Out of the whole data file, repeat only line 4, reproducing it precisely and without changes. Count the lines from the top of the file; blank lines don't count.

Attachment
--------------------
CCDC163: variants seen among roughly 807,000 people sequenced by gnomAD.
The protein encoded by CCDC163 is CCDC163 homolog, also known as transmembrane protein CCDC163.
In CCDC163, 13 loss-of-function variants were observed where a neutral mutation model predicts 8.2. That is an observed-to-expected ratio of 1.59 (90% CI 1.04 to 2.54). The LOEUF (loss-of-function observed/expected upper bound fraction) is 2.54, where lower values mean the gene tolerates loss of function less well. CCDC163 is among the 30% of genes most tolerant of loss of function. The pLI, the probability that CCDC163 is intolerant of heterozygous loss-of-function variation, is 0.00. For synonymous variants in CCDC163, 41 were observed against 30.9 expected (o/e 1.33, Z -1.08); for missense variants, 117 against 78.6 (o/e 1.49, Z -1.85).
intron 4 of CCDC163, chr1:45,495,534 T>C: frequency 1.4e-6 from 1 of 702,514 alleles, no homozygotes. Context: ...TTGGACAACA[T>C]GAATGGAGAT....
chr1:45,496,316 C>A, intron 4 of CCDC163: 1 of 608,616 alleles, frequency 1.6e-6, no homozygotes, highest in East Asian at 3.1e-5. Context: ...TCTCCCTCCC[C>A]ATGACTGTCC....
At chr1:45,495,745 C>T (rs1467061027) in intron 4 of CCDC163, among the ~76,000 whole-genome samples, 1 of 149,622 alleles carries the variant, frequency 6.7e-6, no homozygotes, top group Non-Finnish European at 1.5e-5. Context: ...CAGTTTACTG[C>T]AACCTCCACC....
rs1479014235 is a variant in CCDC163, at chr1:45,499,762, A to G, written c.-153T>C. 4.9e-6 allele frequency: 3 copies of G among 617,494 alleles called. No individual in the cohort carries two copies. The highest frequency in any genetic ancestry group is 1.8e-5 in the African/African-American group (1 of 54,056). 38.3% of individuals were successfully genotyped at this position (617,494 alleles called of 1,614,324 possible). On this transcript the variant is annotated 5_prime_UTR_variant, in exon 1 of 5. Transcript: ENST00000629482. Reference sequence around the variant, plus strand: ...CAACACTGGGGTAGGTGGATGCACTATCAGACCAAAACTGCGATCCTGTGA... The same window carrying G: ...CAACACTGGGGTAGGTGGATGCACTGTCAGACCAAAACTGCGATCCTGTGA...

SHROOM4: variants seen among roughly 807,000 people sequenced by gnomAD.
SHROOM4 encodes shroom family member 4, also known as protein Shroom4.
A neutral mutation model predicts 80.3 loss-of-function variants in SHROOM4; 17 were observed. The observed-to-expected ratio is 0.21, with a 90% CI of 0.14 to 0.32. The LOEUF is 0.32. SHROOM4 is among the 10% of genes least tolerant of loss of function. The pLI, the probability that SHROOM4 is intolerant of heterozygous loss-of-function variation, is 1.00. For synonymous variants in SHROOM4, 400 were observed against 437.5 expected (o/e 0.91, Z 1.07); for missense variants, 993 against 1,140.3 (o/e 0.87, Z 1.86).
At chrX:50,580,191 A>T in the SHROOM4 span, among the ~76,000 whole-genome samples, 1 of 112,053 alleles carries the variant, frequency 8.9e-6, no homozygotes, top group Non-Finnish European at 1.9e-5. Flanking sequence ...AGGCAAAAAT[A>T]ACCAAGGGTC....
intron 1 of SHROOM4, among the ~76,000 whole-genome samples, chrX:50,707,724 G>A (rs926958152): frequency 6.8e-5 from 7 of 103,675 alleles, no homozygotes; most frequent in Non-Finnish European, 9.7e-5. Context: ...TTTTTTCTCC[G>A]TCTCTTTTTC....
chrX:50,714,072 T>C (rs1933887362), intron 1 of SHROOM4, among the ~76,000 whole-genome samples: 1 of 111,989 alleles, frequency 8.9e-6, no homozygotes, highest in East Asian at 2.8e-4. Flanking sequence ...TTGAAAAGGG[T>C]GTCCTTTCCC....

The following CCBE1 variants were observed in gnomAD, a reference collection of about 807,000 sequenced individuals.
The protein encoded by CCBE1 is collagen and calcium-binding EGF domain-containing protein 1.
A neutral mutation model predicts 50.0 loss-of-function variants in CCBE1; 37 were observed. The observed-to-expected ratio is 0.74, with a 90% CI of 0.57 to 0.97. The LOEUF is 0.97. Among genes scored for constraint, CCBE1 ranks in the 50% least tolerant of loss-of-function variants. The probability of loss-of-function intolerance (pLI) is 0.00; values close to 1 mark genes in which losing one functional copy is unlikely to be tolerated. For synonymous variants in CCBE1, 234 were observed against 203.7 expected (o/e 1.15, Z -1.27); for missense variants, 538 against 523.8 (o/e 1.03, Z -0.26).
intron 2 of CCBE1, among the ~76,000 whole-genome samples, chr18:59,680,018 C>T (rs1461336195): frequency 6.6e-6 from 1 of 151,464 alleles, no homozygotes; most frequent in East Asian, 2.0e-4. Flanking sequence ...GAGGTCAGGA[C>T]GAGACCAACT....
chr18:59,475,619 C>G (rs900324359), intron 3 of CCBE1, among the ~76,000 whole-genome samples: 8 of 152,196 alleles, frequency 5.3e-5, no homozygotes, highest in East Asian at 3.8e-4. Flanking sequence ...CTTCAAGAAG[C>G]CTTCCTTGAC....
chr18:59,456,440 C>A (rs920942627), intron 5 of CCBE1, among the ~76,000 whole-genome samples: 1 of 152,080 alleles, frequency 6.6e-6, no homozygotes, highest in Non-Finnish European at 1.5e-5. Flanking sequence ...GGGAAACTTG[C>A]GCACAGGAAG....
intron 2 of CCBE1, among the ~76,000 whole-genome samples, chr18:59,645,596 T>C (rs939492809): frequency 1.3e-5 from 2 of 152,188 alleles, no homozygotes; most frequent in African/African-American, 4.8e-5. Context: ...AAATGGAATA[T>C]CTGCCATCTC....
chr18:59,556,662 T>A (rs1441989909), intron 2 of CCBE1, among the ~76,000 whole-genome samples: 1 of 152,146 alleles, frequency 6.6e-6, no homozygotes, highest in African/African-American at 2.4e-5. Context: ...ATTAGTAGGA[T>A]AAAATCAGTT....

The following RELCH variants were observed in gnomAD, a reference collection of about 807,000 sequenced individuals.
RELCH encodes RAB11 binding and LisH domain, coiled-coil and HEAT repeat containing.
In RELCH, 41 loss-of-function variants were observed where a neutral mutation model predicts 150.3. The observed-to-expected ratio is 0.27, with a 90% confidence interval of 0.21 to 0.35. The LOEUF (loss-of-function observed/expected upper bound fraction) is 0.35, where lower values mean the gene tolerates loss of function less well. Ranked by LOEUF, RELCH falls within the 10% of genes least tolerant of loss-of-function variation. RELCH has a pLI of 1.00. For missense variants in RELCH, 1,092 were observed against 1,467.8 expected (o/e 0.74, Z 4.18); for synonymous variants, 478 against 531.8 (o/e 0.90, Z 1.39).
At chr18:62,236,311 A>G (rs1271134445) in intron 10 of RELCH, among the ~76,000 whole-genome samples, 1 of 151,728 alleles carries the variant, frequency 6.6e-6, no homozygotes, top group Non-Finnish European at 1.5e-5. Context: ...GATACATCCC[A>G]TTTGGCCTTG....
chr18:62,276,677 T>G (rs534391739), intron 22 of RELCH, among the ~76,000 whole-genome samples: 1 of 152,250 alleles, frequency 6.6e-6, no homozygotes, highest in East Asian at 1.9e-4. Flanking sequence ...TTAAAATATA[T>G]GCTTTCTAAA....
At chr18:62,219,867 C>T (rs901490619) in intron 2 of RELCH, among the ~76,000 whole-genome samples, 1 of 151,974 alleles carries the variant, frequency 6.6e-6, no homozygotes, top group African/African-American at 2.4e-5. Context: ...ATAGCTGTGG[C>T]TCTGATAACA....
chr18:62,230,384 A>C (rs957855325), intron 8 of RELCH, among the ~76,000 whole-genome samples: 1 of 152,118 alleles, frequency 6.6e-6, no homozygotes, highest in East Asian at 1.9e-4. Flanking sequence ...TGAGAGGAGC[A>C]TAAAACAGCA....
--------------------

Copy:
intron 4 of CCDC163, chr1:45,495,534 T>C: frequency 1.4e-6 from 1 of 702,514 alleles, no homozygotes. Context: ...TTGGACAACA[T>C]GAATGGAGAT....